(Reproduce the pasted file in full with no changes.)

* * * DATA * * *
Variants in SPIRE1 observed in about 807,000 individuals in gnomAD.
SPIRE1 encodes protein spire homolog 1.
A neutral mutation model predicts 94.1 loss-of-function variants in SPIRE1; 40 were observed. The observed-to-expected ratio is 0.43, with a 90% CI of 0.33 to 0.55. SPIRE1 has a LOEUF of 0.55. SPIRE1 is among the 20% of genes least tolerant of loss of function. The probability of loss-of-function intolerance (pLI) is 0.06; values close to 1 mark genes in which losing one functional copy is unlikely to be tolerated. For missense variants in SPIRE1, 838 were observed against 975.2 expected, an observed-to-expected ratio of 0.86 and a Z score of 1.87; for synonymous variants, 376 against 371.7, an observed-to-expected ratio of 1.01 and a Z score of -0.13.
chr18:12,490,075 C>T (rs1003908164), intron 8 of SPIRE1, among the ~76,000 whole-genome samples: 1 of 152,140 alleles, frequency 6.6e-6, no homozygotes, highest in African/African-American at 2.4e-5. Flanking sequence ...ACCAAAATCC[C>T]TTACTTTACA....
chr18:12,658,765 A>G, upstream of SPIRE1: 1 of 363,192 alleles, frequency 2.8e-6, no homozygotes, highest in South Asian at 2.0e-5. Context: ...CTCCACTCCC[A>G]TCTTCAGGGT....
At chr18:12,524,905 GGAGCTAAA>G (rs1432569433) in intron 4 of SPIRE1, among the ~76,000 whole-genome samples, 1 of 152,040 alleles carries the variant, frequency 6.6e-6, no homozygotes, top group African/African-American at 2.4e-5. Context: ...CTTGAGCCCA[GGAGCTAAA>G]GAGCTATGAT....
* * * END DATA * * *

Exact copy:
Variants in SPIRE1 observed in about 807,000 individuals in gnomAD.
SPIRE1 encodes protein spire homolog 1.
A neutral mutation model predicts 94.1 loss-of-function variants in SPIRE1; 40 were observed. The observed-to-expected ratio is 0.43, with a 90% CI of 0.33 to 0.55. SPIRE1 has a LOEUF of 0.55. SPIRE1 is among the 20% of genes least tolerant of loss of function. The probability of loss-of-function intolerance (pLI) is 0.06; values close to 1 mark genes in which losing one functional copy is unlikely to be tolerated. For missense variants in SPIRE1, 838 were observed against 975.2 expected, an observed-to-expected ratio of 0.86 and a Z score of 1.87; for synonymous variants, 376 against 371.7, an observed-to-expected ratio of 1.01 and a Z score of -0.13.
chr18:12,490,075 C>T (rs1003908164), intron 8 of SPIRE1, among the ~76,000 whole-genome samples: 1 of 152,140 alleles, frequency 6.6e-6, no homozygotes, highest in African/African-American at 2.4e-5. Flanking sequence ...ACCAAAATCC[C>T]TTACTTTACA....
chr18:12,658,765 A>G, upstream of SPIRE1: 1 of 363,192 alleles, frequency 2.8e-6, no homozygotes, highest in South Asian at 2.0e-5. Context: ...CTCCACTCCC[A>G]TCTTCAGGGT....
At chr18:12,524,905 GGAGCTAAA>G (rs1432569433) in intron 4 of SPIRE1, among the ~76,000 whole-genome samples, 1 of 152,040 alleles carries the variant, frequency 6.6e-6, no homozygotes, top group African/African-American at 2.4e-5. Context: ...CTTGAGCCCA[GGAGCTAAA>G]GAGCTATGAT....